Painting by Salvador Dali “Dante” is one of the artist’s illustrations to the work “Divine Comedy”, depicting its author – Dante Alighieri.
Drawing watercolor looks simple and brilliant at the same time. There are no extra strokes or shades. He portrays an Italian scribe and poet walking in an important and thoughtful pose (this is understandable by the artfully painted folds on his attire). The light of the sun is shown by the yellow rays in the upper left corner, and the blue waves behind the figure are most likely just a shaded part of the image, but perhaps this is how the sky or even some plant is shown.
When talking about the illustrations to the Divine Comedy, it is impossible not to mention the entire nine-year work of the artist, which, according to many researchers and experts, is the pinnacle of his graphic art.
An order for a series of illustrations Dali received from the Italian government in honor of the approaching seven hundred years since the birth of Dante (1965). Starting his work in 1951, the artist worked hard for 9 years to finish on time. But at some point the Italian public showed discontent and protested against the fact that the illustrations for the works of their compatriot are being prepared by the Spaniard.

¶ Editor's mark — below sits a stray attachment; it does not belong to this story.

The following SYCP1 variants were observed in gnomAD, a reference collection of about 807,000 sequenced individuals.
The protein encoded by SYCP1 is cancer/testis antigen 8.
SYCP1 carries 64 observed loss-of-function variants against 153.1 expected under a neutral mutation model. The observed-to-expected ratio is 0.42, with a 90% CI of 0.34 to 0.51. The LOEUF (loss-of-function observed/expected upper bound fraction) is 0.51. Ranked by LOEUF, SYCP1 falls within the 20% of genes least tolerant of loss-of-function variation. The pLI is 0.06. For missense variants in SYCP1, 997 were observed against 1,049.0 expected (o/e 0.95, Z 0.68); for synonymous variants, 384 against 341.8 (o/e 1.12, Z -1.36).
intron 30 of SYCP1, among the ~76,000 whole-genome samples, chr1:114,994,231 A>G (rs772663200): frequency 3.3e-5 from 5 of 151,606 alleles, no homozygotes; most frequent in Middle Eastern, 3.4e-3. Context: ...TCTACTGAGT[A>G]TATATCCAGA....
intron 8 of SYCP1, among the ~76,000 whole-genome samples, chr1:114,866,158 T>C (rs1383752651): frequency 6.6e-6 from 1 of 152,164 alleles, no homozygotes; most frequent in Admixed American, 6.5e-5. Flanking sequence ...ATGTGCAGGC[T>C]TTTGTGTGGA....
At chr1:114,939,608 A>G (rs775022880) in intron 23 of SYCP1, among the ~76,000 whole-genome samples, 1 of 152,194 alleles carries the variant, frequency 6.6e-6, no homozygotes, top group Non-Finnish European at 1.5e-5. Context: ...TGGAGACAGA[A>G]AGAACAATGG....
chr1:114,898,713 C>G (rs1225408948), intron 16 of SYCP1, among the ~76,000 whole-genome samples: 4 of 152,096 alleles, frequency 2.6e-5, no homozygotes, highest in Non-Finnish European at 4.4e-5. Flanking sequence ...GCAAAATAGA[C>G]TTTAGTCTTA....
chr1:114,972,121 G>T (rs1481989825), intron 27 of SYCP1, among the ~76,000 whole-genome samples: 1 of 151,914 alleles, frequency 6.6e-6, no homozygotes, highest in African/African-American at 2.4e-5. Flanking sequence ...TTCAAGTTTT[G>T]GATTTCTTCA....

Despite the refusal, El Salvador, who loves the works of Dante, was able to find a way to publish his work. With the assistance of a good friend Dali – Joseph Fauré, as well as Le Eyur Kler (the project was produced by his publishing house), the artist was able to finish his work in 1963. By the way, the master himself controlled the creation of three and a half thousand plates-engravings, which gave graphic images of quality comparable with paintings.
Thus, the most amazing illustrations of this surrealist artist could not have reached our days, but fortunately, everything turned out exactly as described above.